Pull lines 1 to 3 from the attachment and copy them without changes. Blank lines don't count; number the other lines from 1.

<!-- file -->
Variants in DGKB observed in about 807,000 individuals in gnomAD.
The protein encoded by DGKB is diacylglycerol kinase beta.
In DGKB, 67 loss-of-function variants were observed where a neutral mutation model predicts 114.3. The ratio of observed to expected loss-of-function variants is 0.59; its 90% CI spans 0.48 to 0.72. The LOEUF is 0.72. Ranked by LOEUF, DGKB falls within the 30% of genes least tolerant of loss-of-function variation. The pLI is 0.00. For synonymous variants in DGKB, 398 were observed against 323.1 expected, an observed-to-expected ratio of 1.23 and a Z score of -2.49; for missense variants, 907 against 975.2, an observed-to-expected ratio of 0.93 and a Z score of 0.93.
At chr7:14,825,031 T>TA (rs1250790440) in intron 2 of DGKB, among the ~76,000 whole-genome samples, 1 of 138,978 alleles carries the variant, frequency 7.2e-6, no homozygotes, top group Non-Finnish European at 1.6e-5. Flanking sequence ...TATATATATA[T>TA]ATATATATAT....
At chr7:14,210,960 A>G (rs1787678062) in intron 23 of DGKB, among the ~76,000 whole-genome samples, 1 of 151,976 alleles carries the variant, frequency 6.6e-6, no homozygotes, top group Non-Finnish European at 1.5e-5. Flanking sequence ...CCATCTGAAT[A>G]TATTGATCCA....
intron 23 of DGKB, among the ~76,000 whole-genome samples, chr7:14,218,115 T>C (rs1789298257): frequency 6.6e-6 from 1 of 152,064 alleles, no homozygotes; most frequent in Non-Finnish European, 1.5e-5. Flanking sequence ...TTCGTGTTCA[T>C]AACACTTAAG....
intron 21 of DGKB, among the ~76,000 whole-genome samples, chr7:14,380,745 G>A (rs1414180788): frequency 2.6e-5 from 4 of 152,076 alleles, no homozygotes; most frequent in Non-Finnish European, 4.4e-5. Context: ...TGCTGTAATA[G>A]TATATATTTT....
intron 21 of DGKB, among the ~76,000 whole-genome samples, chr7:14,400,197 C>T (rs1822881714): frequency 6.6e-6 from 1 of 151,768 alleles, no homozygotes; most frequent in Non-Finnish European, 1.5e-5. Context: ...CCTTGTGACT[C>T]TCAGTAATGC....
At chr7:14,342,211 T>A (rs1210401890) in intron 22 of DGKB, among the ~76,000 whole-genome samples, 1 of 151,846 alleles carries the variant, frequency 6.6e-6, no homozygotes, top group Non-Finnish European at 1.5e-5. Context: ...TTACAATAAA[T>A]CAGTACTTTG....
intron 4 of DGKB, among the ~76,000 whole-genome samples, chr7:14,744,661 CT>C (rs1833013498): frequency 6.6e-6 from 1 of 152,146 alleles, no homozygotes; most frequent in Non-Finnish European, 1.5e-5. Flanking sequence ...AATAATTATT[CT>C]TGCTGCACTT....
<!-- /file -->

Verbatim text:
Variants in DGKB observed in about 807,000 individuals in gnomAD.
The protein encoded by DGKB is diacylglycerol kinase beta.
In DGKB, 67 loss-of-function variants were observed where a neutral mutation model predicts 114.3. The ratio of observed to expected loss-of-function variants is 0.59; its 90% CI spans 0.48 to 0.72. The LOEUF is 0.72. Ranked by LOEUF, DGKB falls within the 30% of genes least tolerant of loss-of-function variation. The pLI is 0.00. For synonymous variants in DGKB, 398 were observed against 323.1 expected, an observed-to-expected ratio of 1.23 and a Z score of -2.49; for missense variants, 907 against 975.2, an observed-to-expected ratio of 0.93 and a Z score of 0.93.